What Does “Food Processing” Mean?

My post, The Salty Truth, got a lot of responses when it was put up on Fooducate (under the title, “Table Salt vs. Sea Salt: The Truth”).  A theme that ran through some of these responses was the evil of food processing.  For example, one person said, “My personal food philosophy is that natural is ALWAYS better than processed foods in any degree or manner,” and then slammed table salt because it was processed to meet consumer demand for a white, same-size crystal, easily flowing product.

Like other writers about food (see Bettina Elias Siegel’s post on this topic), I feel uneasy about the the terms, “natural” and “processed.”  It’s easy to identify a cauliflower at the farmer’s market as “natural” and the Vegetable Thin crackers that I described in The Salty Truth as “processed” because the latter contains ingredients that have nothing to do with nutrition and everything to do with appealing to consumers, preserving shelf life, and lowering the cost of production.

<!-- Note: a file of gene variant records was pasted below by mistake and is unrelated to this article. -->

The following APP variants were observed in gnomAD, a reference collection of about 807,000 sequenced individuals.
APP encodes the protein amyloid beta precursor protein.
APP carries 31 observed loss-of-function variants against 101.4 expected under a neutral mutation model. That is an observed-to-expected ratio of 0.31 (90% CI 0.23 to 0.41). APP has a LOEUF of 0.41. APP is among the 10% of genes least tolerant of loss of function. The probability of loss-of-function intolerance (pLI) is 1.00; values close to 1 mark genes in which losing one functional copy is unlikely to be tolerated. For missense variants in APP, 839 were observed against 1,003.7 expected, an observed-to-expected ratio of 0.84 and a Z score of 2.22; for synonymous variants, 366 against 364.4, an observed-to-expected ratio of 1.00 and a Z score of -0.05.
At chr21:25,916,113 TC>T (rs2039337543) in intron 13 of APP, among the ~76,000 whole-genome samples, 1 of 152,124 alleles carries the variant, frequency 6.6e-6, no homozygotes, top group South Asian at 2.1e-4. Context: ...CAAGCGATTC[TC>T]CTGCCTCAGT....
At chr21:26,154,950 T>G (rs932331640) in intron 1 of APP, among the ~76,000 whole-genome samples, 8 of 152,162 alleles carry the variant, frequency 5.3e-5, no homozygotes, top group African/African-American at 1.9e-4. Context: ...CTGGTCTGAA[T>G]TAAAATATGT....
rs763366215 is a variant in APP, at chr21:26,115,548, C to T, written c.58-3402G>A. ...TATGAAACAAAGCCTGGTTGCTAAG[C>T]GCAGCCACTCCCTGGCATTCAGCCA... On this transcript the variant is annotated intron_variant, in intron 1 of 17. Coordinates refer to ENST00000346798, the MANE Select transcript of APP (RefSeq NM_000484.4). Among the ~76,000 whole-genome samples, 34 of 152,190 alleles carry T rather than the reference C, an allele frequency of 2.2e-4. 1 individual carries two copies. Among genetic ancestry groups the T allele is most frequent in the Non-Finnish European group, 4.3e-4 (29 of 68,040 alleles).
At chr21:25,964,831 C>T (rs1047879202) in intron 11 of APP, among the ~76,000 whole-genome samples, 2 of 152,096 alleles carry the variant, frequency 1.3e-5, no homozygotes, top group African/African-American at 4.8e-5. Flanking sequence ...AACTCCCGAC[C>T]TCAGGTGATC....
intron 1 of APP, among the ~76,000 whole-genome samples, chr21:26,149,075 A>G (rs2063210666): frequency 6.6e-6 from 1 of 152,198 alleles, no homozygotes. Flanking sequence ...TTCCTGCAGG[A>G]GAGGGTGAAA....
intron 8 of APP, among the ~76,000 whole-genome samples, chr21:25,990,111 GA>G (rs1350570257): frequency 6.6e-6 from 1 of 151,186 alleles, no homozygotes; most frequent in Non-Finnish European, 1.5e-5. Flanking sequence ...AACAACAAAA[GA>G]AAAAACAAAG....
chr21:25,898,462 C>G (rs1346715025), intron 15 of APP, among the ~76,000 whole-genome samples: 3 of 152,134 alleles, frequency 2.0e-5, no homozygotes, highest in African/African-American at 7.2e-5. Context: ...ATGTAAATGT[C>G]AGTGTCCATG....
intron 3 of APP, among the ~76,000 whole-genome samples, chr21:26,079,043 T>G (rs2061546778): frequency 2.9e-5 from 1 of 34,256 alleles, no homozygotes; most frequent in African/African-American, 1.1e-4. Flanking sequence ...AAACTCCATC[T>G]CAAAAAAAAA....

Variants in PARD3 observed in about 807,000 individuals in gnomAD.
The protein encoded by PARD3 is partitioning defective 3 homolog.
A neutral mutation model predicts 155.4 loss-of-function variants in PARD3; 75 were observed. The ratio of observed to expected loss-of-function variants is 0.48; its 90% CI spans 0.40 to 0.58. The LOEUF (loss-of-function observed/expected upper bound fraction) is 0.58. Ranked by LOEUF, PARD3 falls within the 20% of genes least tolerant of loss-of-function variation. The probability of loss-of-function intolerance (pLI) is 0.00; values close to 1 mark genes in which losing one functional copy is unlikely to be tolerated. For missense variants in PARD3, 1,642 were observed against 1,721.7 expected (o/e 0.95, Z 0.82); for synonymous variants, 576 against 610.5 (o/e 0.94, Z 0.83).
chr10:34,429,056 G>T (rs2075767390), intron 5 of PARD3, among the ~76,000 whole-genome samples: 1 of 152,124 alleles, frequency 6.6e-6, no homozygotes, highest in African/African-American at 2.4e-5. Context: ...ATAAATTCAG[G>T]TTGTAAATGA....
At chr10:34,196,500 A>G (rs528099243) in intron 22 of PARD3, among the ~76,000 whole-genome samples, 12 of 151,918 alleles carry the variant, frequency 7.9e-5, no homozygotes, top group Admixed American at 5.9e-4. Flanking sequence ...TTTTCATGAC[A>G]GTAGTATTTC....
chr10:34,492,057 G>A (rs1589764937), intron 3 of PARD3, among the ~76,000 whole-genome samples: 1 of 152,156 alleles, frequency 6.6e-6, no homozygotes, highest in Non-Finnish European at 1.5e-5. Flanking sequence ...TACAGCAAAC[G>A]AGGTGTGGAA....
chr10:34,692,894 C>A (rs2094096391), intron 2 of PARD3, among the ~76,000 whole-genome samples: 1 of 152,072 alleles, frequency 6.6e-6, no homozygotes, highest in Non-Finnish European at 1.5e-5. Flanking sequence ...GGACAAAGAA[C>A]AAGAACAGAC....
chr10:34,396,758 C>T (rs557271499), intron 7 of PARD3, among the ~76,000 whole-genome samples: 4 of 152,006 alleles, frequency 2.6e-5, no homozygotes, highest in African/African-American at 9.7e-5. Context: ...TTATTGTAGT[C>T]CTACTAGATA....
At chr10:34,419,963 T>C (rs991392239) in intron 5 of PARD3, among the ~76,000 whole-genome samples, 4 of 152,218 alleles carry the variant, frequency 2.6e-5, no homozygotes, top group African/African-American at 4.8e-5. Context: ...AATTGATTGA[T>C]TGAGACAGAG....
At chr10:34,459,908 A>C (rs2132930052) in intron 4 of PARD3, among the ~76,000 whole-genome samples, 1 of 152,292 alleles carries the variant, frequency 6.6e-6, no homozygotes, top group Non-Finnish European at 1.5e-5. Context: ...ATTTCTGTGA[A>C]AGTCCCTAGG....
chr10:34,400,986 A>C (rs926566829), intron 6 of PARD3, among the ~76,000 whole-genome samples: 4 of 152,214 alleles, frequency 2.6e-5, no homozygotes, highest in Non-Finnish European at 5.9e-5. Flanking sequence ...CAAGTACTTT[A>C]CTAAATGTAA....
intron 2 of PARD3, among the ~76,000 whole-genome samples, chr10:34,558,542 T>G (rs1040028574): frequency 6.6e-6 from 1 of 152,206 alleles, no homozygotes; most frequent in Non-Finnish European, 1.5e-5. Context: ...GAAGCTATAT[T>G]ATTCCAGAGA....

Continue reading

Eggs and Nutrition: Update

I’ve become interested eggs and nutrition, in particular, after reading The Omnivore’s Dilemma by Michael Pollan.  In it, he discusses the quality of organic eggs vs. non-organic eggs.  According to Pollan, the yolks of eggs of free-range chickens can be much superior in terms of taste and cooking.  As a result, I have been considering getting my eggs from a local farmer in the fall.  However, Pollan says nothing about nutrient value and, knowing that I would be paying more for these local eggs, I wondered how much extra nutrition my money would be buying.  (Photo from FreeFoto.com)

Thus I found an article from Feedstuffs Foodlink, “Clearing Up Egg, Milk ‘Myths,'” which addresses issues concerning the nutrient value and safety of raw eggs and milk, to be interesting and worthy of a post.  

Continue reading